Second photo

Fig. 2: Map showing the relationship of the South Hill forts to Rietfontein, the Crocodile River and 'Orange Grove' Fort.

High resolution pdf version of map

A glance at the ordnance survey map '1/50 000 2 527 DB Brits' and the adjacent sheet to the south, '2 527 DD Broederstroom' (fig 2) reveals that the survey beacon at 1 384,7 metres on the Witwatersberg is two miles (3,2 km) south of the westerly hill - 'Gun Hill', 1 214,8 m - and due south (magnetic) of the next easterly hill - 'Camp Hill'. 'South Hill' is thus 170 metres (560 feet) higher than Rietfontein West and overlooks it. The authors decided to search for any signs of a fort having been constructed in that position.

Third photo

Fig. 3: South Hill - a vertical masthead view

A Rice pattern fort (fig 3) was found adjacent to the beacon and the stone-work to waist height remained in good condition. Various scraps of corrugated iron were discovered at the site, but no wire or pegs at the usual nineteen paces radius.(7) The view not only covered the Moot between Horns Nek and Skeerpoort, but also an arc of the broken country south to Kalkheuwel, Knoppieslaagte and Johannesburg. Details of any activity in Rietfontein West Camp could have been observed quite easily from this vantage point, as well as Morse flag and heliograph signals.(a) The fort's obvious dependence on the Rietfontein camp for its supplies and relief led to a search for a supply route. A narrow track, one metre broad and demarcated by rocks, was discovered descending in a zig-zag course to the north-west. However, upon reaching a certain contour, the track turned in a westerly direction along the northern slope of the ridge.

A summary of the Lincolnshire Regimental Diary (AB34) continues: 'Dec 29 to Mar 31 1901. The Battalion proceeded to Rietfontein and after some trekking settled down to Garrison [sic] the place finding detachments at South Hill, Fort Anderson (or Crocodile) and Commando Nek, (signed) J.W. Stringer Lieutenant 2 Lincolns.'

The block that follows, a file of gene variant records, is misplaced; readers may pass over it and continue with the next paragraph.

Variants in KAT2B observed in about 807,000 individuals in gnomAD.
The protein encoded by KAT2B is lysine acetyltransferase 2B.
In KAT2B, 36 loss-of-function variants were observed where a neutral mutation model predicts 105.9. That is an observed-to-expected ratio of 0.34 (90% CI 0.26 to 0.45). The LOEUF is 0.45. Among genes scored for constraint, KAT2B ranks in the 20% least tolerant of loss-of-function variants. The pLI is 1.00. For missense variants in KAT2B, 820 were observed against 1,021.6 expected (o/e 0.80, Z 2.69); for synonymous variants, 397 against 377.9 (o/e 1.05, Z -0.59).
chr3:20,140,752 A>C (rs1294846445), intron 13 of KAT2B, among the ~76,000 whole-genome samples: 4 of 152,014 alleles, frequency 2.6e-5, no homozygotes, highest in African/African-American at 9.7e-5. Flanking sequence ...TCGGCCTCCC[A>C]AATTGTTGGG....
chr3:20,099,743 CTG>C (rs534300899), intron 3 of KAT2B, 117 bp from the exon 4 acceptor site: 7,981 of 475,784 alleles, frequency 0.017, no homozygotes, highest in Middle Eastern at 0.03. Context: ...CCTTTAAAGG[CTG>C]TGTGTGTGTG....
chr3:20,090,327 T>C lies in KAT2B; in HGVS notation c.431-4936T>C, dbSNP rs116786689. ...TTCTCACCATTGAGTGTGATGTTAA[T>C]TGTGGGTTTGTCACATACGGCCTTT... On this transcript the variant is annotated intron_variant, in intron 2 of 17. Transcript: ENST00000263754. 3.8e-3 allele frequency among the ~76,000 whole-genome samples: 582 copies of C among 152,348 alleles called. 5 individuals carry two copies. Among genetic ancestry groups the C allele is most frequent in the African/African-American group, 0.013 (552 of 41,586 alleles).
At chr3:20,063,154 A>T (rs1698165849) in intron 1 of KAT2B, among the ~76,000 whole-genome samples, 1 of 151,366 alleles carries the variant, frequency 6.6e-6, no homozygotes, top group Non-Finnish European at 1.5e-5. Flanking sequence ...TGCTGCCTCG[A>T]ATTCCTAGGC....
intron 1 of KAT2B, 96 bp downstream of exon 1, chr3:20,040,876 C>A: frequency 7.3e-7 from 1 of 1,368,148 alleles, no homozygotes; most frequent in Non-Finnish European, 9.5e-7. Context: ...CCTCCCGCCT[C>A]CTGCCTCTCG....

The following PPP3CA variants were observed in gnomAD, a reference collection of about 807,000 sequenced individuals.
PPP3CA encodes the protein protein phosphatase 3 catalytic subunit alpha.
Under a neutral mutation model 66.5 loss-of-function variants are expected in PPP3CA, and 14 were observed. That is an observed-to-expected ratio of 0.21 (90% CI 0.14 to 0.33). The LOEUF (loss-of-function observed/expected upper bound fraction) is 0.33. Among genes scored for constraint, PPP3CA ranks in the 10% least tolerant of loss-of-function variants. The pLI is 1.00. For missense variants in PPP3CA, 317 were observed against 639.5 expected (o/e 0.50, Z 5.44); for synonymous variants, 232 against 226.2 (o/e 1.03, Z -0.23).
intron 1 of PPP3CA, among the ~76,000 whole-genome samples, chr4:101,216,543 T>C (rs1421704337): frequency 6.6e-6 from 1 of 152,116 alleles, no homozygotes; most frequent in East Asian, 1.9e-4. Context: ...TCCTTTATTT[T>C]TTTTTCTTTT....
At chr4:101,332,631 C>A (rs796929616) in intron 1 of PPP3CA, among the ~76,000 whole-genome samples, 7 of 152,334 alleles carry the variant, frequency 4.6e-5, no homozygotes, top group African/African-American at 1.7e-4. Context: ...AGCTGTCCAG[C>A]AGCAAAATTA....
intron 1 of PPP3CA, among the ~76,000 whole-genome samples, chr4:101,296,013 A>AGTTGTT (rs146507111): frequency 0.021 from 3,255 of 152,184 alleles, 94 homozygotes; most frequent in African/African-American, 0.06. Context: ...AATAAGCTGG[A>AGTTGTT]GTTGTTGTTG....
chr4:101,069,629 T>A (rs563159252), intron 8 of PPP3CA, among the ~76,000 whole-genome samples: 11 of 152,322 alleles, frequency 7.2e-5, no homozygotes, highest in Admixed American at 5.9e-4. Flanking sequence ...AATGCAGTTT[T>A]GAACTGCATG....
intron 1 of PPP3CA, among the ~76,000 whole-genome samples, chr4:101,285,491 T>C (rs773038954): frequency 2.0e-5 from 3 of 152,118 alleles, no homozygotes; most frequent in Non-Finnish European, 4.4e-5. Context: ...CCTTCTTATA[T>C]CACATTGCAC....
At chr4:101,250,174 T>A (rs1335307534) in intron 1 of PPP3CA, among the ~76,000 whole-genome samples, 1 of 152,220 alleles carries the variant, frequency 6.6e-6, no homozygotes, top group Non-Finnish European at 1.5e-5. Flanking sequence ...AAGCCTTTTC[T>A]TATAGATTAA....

It had been assumed previously that Fort Anderson, which may have guarded the bridge or the adjacent river gorge through the Magaliesberg, lay submerged beneath the Hartbeespoort Dam (which was built in the 1920s)(8). The track which the authors had found was two metres wide at that stage and led to a shallow dip in the ridge before following a zig-zag route up to the ridge on the further (western) side. There, the foundations of an elongated octagonal blockhouse with an enclosed area of rough stone beneath and north of it could be seen (fig 4).

Fourth photo

Fig. 4: Fort Anderson - an oblique masthead view

The fort was built on the edge of a cliff, literally hanging over a loop of the Crocodile River as it passes through the Witwatersberg (fig 5).

Fifth photo

Fig. 5: Fort Anderson in relation to the Crocodile River

The authors found several pegs made of iron coco-pan rail at approximately nineteen paces from the blockhouse, two with wire remnants still attached, on the approach (or northern) side, as well as two outlying iron pegs. Adjacent dismantled stoneworks were also noted (fig 6).

Sixth photo

Fig. 6: Plan of Fort Anderson and surrounds, with contours sketched in

High resolution pdf version of plan

According to the Lincolnshire Regimental Diary: 'Major-General Barton, having assumed command of the Pretoria District - Vice Clements, visited Rietfontein, Commando Nek, Fort Anderson and South Hill on this date [5 April 1901] and inspected the defences at each place'.(9)

A track from Fort Anderson was found running down the gulley towards what is today the village of Meerhof joining up with the road through the Good Shepherd Mission, and continuing, presumably, over the Swartspruit to the military camp opposite. Hence Gen Barton would have reached Fort Anderson before South Hill on his visit.